ENEL321-23S1 (C) Semester One 2023

Control Systems

15 points

Details:
Start Date: Monday, 20 February 2023
End Date: Sunday, 25 June 2023
Withdrawal Dates
Last Day to withdraw from this course:
  • Without financial penalty (full fee refund): Sunday, 5 March 2023
  • Without academic penalty (including no fee refund): Sunday, 14 May 2023

Description

System modelling. Continuous-time dynamics. Time domain and frequency domain analysis. Feedback control. Control system performance and robustness. Control system design techniques.

This course is an introduction to the design and analysis of control systems. A control system is a system that commands another system in a way that ensures that the overall system does what we want it to. A simple example is a thermostat controlling a heater to ensure that a room doesn't get too hot or too cold, but much more sophisticated kinds of control systems exist. A good understanding of control systems is useful in the design of electric power systems (generator excitation control, tap-changing transformers, etc.), aircraft (autopilots and flight control), rockets and spacecraft (altitude control), cars (cruise control, engine control, etc.), robots (position and speed control), and in many other application areas.

To control a system so that it does what we want we first need to understand how the system responds to different command inputs. The course begins by looking at how to mathematically model different kinds of systems, and how to analyse and simplify models using tools such as the Laplace Transform. We then introduce feedback control systems, which are systems in which the controller continually checks that the controlled system is doing what it is supposed to do and modifies its commands to ensure the desired result occurs, making the controller robust to uncertainties in the system model and disturbances in the environment. We look at several different techniques for understanding and improving the stability and performance of feedback controllers, as well as common types of controller designs such as the classic PID controller.

Practical work includes a project designing and implementing a PD roll controller for a 1.5 m rocket in a Vertical Wind Tunnel.

Learning Outcomes

The goals of the course are:

1. Create understanding and ability to interpret and solve problems using classical control methods for continuous time systems.
2. Introduce the use of modern computer design tools such as MATLAB and demonstrate how they can be applied to real industry problems.
3. The classical treatment of single input, single output (SISO) systems as well as basic control design methods.
4. Concepts of stability and steady state performance, and the methods for analyzing them.
5. Knowledge of the impact of pole locations on performance and the metrics that quantify these locations.
6. Lay a theoretical and mathematical foundation for the analysis of advanced control systems.

University Graduate Attributes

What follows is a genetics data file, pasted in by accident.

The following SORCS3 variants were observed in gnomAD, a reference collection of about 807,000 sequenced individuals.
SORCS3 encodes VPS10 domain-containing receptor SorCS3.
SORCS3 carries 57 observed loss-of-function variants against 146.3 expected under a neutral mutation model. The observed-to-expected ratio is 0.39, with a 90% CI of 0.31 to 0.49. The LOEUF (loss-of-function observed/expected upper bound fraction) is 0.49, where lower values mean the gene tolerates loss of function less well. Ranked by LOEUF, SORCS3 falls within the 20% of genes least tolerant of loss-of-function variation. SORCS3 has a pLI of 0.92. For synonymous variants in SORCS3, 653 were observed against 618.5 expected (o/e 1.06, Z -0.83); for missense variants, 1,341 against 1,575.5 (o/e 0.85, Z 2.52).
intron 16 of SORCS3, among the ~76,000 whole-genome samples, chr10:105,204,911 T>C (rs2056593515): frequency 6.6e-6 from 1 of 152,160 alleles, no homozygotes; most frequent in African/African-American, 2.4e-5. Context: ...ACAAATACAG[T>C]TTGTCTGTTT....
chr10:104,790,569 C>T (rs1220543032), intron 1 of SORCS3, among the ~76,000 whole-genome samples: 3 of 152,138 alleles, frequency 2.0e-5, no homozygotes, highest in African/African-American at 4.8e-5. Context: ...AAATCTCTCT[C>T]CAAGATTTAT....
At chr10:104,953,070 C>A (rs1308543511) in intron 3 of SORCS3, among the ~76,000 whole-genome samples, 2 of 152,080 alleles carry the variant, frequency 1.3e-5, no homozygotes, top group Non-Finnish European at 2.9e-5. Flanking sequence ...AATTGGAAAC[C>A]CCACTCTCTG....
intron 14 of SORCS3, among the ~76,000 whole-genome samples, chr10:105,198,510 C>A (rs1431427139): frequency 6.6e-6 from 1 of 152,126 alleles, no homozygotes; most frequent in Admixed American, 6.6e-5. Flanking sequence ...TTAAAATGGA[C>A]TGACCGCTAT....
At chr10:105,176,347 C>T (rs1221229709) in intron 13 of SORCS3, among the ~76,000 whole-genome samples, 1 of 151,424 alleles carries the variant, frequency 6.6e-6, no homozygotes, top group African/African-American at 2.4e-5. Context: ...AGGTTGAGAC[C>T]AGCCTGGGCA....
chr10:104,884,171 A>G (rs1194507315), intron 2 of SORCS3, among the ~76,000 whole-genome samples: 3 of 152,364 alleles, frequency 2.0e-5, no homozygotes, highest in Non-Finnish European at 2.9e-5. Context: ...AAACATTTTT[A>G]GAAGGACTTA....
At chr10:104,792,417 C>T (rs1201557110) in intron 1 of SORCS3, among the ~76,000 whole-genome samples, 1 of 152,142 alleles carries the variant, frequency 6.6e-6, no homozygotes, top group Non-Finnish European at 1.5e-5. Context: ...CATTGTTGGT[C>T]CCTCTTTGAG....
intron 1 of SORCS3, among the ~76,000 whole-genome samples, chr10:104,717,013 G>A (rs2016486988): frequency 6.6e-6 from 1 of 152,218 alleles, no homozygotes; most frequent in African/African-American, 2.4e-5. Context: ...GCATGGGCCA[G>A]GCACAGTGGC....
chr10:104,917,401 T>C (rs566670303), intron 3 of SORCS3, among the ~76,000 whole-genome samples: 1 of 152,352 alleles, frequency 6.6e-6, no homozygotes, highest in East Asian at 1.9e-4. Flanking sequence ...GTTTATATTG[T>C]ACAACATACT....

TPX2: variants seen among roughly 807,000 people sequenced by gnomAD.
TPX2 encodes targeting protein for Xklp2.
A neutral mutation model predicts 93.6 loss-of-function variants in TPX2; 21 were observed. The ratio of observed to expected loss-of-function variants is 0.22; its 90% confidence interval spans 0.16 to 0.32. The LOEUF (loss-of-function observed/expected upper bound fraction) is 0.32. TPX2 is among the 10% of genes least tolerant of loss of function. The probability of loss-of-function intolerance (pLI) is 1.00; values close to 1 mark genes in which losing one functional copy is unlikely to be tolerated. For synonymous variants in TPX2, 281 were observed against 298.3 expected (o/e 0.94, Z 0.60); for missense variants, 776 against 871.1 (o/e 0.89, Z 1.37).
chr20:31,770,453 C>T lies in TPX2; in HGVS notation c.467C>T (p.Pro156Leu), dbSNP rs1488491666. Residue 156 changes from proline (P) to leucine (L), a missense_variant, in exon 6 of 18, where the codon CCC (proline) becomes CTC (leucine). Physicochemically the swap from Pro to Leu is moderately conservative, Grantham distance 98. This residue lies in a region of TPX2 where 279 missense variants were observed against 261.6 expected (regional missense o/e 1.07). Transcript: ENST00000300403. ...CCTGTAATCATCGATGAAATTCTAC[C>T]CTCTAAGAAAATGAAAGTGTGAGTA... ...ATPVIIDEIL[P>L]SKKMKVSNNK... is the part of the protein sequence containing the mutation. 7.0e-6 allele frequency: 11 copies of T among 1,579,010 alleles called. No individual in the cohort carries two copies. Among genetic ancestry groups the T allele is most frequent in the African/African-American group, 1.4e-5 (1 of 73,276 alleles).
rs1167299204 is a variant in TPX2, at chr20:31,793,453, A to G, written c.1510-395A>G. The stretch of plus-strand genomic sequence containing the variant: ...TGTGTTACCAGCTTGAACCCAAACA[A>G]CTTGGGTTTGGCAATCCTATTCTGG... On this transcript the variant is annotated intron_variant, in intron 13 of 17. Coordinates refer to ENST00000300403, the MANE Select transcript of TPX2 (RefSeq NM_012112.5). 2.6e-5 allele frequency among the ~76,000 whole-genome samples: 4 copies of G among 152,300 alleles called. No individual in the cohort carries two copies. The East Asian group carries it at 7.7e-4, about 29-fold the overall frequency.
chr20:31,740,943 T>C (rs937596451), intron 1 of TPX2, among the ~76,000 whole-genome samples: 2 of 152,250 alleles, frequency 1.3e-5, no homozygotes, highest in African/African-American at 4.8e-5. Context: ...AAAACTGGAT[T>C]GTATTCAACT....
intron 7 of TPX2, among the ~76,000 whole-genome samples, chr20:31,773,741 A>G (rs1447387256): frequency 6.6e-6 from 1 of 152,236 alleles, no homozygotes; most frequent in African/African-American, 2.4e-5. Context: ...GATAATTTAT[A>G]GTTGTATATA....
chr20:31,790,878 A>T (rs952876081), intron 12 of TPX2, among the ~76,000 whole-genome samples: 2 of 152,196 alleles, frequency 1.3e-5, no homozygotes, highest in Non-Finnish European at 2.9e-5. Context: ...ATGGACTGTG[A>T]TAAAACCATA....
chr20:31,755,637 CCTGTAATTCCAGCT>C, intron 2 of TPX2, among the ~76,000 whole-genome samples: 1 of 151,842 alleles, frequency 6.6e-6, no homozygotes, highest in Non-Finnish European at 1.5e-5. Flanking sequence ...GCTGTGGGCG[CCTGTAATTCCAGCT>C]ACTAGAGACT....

This course will provide students with an opportunity to develop the Graduate Attributes specified below:

Critically competent in a core academic discipline of their award

Students know and can critically evaluate and, where applicable, apply this knowledge to topics/issues within their majoring subject.

Prerequisites

Restrictions

ENEL351, ENME303

Timetable 2023

Students must attend one activity from each section.

Lecture A
Activity Day Time Location Weeks
01 Monday 13:00 - 14:00 E6 Lecture Theatre
20 Feb - 2 Apr
24 Apr - 4 Jun
Lecture B
Activity Day Time Location Weeks
01 Tuesday 13:00 - 14:00 Jack Erskine 031 Lecture Theatre
20 Feb - 2 Apr
24 Apr - 4 Jun
Lecture C
Activity Day Time Location Weeks
01 Wednesday 13:00 - 14:00 Rata 222 & 223 Drawing Office
20 Feb - 2 Apr
24 Apr - 4 Jun
Lab A
Activity Day Time Location Weeks
01 Tuesday 12:00 - 13:00 Elec 109 Automation Lab
20 Mar - 26 Mar
02 Monday 11:00 - 12:00 Elec 109 Automation Lab
20 Mar - 26 Mar
03 Monday 15:00 - 16:00 Elec 109 Automation Lab
20 Mar - 26 Mar
04 Monday 14:00 - 15:00 Elec 109 Automation Lab
20 Mar - 26 Mar
05 Monday 16:00 - 17:00 Elec 109 Automation Lab
20 Mar - 26 Mar
06 Tuesday 11:00 - 12:00 Elec 109 Automation Lab
20 Mar - 26 Mar
Lab B
Activity Day Time Location Weeks
01 Thursday 09:00 - 11:00 Elec 104 Power Electronics Lab
20 Mar - 26 Mar
02 Wednesday 11:00 - 13:00 Elec 104 Power Electronics Lab
20 Mar - 26 Mar
03 Wednesday 14:00 - 16:00 Elec 104 Power Electronics Lab
20 Mar - 26 Mar
04 Thursday 11:00 - 13:00 Elec 104 Power Electronics Lab
20 Mar - 26 Mar
Presentation A
Activity Day Time Location Weeks
01 Monday 11:00 - 12:00 Elec 110 Electrical Machines Lab
20 Feb - 26 Feb

Course Coordinator

Christopher Hann

Assessment

Assessment Due Date Percentage 
Test one 25%
Laboratory Report 10%
Test two 25%
Final Exam 40%

Textbooks / Resources

Required Texts

Chris Hann; ENEL321 Course Reader ; (On the ENEL321 LEARN Page).

Recommended Reading

Franklin, Gene F. , Powell, J. David, Emami-Naeini, Abbas; Feedback control of dynamic systems ; Seventh edition; Pearson, 2015 (Earlier editions are also acceptable).

Palm; Modeling Analysis and Control of Dynamic Systems ; 2nd; Wiley, 2001.

Stefani, Savant, Shahian, Hestetter et al; Design of Feedback Control Systems ; 3rd; Saunders College Publishing/Harcourt Brace, 1996.

Indicative Fees

Domestic fee $1,030.00

International fee $5,750.00

* All fees are inclusive of NZ GST or any equivalent overseas tax, and do not include any programme level discount or additional course-related expenses.

For further information see Electrical and Computer Engineering .

All ENEL321 Occurrences

  • ENEL321-23S1 (C) Semester One 2023